Matt Charman couldn’t have asked for a better entrance to Hollywood. Already a seasoned playwright in his native U.K., the 36-year-old makes his feature screenplay debut with “Bridge of Spies,” a Cold War espionage thriller with none other than Steven Spielberg at its helm and Tom Hanks as its hero. And to think it all started with a footnote.
A self-proclaimed American history buff, Charman was reading “An Unfinished Life,” Robert Dallek’s 2003 biography of John F. Kennedy, when the seeds of “Bridge of Spies” were first planted. “[The book] was talking about Cuba and the aftermath of the Bay of Pigs. These 1,500 servicemen had been captured, and JFK used an American lawyer named James Donovan to go and negotiate with Castro for their release,” Charman explains. “In a footnote, it mentioned that Donovan first came to prominence negotiating the release of a Russian spy, [Rudolf Abel], for an American pilot, Gary Powers, who had been shot down over Russia. I remember seeing that footnote and thinking, ‘Wow, hang on a second. Who is this guy?’ ”
It’s the little-known story of this high-stakes Glienicke Bridge exchange that eventually became the pillars on which “Bridge of Spies” was built. Pieced together after hours scouring New York Times archives, visiting the JFK Presidential Library, and speaking directly with Donovan, Powers, and other key players’ family members, Charman’s screenplay was swiftly picked up by Dreamworks, with Spielberg needing little convincing to claim the director’s chair.
“I pitched to Steven Spielberg over the telephone, which was exhilarating, nerve-racking—it was crazy,” Charman admits. “He doesn’t know this, but I got very hot and flustered and I stripped down to my boxer shorts and T-shirt. He’s such a big person in my life that having him on the phone and having this opportunity was a little overwhelming.”
After that phone call, Charman turned around a first draft in five weeks’ time, working through Christmas and flying out to Los Angeles soon thereafter. Then three-time Spielberg collaborator Hanks—whom Charman says he always secretly envisioned playing Donovan—signed on, brothers Joel and Ethan Coen came in to punch up the script’s dialogue, and, slowly but surely, Charman’s first film began taking form. Surprisingly, it’s a project that the writer of award-winning stage dramas like “The Observer” and “A Night at the Dogs” says was always meant for the movies, not the theater.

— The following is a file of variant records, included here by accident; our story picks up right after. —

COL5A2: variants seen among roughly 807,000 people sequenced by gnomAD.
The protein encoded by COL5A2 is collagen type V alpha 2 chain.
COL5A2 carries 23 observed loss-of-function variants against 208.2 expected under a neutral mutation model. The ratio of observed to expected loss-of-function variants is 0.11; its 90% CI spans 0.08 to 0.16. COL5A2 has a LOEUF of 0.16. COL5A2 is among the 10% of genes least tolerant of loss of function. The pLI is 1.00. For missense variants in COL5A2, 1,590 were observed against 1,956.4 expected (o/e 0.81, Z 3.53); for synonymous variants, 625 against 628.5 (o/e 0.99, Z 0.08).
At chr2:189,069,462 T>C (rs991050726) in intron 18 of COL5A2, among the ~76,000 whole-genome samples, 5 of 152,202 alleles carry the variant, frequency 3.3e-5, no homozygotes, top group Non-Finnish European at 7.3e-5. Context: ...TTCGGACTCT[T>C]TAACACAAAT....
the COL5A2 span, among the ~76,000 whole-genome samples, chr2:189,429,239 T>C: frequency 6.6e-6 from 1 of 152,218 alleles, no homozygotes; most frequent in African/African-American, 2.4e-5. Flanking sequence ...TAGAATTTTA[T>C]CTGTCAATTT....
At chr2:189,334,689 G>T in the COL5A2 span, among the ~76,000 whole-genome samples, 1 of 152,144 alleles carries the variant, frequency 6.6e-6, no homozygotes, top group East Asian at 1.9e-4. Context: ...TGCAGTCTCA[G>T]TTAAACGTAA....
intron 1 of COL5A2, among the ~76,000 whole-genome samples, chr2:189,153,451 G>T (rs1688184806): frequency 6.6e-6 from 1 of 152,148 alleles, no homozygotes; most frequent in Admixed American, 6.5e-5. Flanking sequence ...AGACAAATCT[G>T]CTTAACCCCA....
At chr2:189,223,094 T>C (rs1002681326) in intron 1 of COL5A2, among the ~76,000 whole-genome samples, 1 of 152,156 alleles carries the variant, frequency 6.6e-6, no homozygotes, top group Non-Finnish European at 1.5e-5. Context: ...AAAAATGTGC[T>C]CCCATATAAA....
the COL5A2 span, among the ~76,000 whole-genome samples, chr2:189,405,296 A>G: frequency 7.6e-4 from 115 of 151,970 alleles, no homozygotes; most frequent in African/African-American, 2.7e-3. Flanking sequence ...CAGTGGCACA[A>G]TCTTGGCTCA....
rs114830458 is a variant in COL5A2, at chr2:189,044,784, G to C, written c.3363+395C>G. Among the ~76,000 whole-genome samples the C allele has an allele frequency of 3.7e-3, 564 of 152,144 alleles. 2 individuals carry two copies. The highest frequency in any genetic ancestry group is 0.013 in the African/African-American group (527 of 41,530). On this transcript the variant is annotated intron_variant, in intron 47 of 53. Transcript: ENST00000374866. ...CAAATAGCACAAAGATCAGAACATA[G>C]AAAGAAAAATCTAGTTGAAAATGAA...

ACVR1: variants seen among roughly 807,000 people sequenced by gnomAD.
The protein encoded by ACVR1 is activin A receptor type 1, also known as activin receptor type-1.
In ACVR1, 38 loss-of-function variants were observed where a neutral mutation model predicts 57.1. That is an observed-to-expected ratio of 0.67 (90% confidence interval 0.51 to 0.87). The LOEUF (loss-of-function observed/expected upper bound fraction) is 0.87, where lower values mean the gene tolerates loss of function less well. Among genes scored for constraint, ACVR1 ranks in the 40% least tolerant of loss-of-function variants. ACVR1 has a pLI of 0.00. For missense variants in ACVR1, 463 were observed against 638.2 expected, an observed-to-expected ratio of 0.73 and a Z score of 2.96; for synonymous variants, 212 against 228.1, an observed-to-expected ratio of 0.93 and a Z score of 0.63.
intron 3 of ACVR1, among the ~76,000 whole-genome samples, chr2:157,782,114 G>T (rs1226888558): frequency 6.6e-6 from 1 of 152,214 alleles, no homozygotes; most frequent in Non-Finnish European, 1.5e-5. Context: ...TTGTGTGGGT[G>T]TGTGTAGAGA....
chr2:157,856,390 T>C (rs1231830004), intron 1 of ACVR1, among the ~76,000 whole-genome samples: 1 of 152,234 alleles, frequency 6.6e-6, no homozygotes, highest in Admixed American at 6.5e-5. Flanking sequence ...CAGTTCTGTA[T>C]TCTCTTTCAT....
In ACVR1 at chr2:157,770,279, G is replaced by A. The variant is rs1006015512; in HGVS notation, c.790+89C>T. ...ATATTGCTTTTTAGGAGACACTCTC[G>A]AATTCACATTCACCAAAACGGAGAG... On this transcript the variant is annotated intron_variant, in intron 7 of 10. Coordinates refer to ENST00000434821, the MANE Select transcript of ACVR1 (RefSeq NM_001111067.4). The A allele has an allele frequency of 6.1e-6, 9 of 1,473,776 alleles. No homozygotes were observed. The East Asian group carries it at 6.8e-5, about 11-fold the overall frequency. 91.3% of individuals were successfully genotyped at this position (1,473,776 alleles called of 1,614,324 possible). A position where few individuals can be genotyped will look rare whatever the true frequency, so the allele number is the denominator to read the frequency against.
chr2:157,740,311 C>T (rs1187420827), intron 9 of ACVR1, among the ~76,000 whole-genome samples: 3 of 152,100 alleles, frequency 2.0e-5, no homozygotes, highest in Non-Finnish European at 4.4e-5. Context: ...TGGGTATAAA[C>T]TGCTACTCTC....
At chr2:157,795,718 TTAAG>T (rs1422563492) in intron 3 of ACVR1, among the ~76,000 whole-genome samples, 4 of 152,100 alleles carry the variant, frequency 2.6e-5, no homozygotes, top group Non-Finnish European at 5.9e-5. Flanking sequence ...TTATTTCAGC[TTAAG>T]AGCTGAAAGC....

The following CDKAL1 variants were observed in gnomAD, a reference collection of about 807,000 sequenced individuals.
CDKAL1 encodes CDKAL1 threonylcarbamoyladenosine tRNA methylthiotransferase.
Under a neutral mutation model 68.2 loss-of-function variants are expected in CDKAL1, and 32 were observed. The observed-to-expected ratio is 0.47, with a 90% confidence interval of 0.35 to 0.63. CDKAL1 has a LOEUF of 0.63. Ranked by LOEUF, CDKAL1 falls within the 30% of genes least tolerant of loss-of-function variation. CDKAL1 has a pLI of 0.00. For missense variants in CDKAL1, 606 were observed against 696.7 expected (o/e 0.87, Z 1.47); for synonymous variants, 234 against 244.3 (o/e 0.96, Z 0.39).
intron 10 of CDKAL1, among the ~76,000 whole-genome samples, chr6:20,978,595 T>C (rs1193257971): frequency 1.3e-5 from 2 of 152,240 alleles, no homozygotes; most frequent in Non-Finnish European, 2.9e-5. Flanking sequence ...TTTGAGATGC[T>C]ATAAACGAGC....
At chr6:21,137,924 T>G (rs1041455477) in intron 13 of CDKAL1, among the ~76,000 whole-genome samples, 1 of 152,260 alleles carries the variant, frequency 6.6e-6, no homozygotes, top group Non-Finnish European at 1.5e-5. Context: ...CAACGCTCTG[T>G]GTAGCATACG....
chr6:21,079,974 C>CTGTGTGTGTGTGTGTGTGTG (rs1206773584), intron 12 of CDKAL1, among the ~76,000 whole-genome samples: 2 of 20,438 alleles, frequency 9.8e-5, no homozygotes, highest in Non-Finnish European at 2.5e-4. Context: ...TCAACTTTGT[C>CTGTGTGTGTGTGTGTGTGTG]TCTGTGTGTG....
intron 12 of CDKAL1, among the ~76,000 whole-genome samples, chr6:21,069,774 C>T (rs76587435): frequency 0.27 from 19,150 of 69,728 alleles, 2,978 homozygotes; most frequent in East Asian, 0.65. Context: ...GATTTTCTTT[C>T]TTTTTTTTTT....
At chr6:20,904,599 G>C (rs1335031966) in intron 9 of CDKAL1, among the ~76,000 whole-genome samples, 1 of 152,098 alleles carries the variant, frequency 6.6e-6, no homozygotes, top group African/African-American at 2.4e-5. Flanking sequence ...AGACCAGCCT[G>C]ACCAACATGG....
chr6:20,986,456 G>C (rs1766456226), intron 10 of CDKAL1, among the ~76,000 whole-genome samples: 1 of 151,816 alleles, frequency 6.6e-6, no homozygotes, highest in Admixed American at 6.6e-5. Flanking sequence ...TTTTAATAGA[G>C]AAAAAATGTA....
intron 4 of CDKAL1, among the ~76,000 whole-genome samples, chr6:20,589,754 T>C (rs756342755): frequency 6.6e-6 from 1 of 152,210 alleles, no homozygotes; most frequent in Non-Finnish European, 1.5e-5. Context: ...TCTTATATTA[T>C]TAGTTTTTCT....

“I’d always seen it as a very cinematic story,” Charman says. “It just felt so much in the tradition of [espionage author John] le Carré and great spy stories of old. I also knew that if anyone’s going to show the Berlin Wall being built onscreen, Steven’s going to do it.” And the story is all the better for it. Spielberg’s actualization of Charman’s script is reliably gorgeous in cinematography and effects—not to mention period-era sets and costumes. Paired with Hanks’ take on Donovan, Charman believes the final product hints at “the best of what you can do with cinema.”
As with any “inspired by true events” feature due for awards season, Charman’s script will inevitably be under particular scrutiny for its factual accuracy. Whereas other screenwriters like Aaron Sorkin—who Charman says balances “a brilliant relationship with truth and reality”—have come forward and defended factual leniency in nonfiction film, Charman says that with “Bridge of Spies,” sticking to the facts was crucial.
“It was really, really important to me, not least because I met James’ family,” Charman says. “Something really different happens when you look the family of somebody in the eye and you say, ‘Trust me to tell your father’s story.’ You are taking on a burden of truth and a burden of veracity. I feel it only connects because people know in truth they’re watching something that happened. Yeah, of course, ‘inspired by true events’—we’ve had to conflate certain things, but this guy did this. This guy went to this very scary place and pulled this exchange off, and it feels great to present that to an audience and to be able to stand by that.”
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